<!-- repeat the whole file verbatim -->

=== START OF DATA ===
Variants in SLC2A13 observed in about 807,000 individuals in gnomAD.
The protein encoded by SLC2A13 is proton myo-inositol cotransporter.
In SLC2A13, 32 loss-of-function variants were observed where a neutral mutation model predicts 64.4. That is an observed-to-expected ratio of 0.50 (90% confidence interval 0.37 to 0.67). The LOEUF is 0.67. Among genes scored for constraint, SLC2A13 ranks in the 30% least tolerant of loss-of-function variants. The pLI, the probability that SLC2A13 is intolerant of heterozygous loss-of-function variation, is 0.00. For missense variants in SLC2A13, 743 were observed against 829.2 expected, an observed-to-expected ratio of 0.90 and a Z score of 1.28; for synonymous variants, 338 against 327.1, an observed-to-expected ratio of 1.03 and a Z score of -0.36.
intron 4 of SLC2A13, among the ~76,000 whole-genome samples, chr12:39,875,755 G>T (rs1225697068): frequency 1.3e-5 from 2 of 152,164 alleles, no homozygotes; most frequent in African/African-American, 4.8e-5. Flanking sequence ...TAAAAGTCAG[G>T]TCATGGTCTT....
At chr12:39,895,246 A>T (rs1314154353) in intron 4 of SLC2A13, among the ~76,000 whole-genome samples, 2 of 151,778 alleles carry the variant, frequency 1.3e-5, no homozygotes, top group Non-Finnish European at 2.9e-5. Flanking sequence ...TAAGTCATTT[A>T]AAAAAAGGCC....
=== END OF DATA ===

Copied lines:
Variants in SLC2A13 observed in about 807,000 individuals in gnomAD.
The protein encoded by SLC2A13 is proton myo-inositol cotransporter.
In SLC2A13, 32 loss-of-function variants were observed where a neutral mutation model predicts 64.4. That is an observed-to-expected ratio of 0.50 (90% confidence interval 0.37 to 0.67). The LOEUF is 0.67. Among genes scored for constraint, SLC2A13 ranks in the 30% least tolerant of loss-of-function variants. The pLI, the probability that SLC2A13 is intolerant of heterozygous loss-of-function variation, is 0.00. For missense variants in SLC2A13, 743 were observed against 829.2 expected, an observed-to-expected ratio of 0.90 and a Z score of 1.28; for synonymous variants, 338 against 327.1, an observed-to-expected ratio of 1.03 and a Z score of -0.36.
intron 4 of SLC2A13, among the ~76,000 whole-genome samples, chr12:39,875,755 G>T (rs1225697068): frequency 1.3e-5 from 2 of 152,164 alleles, no homozygotes; most frequent in African/African-American, 4.8e-5. Flanking sequence ...TAAAAGTCAG[G>T]TCATGGTCTT....
At chr12:39,895,246 A>T (rs1314154353) in intron 4 of SLC2A13, among the ~76,000 whole-genome samples, 2 of 151,778 alleles carry the variant, frequency 1.3e-5, no homozygotes, top group Non-Finnish European at 2.9e-5. Flanking sequence ...TAAGTCATTT[A>T]AAAAAAGGCC....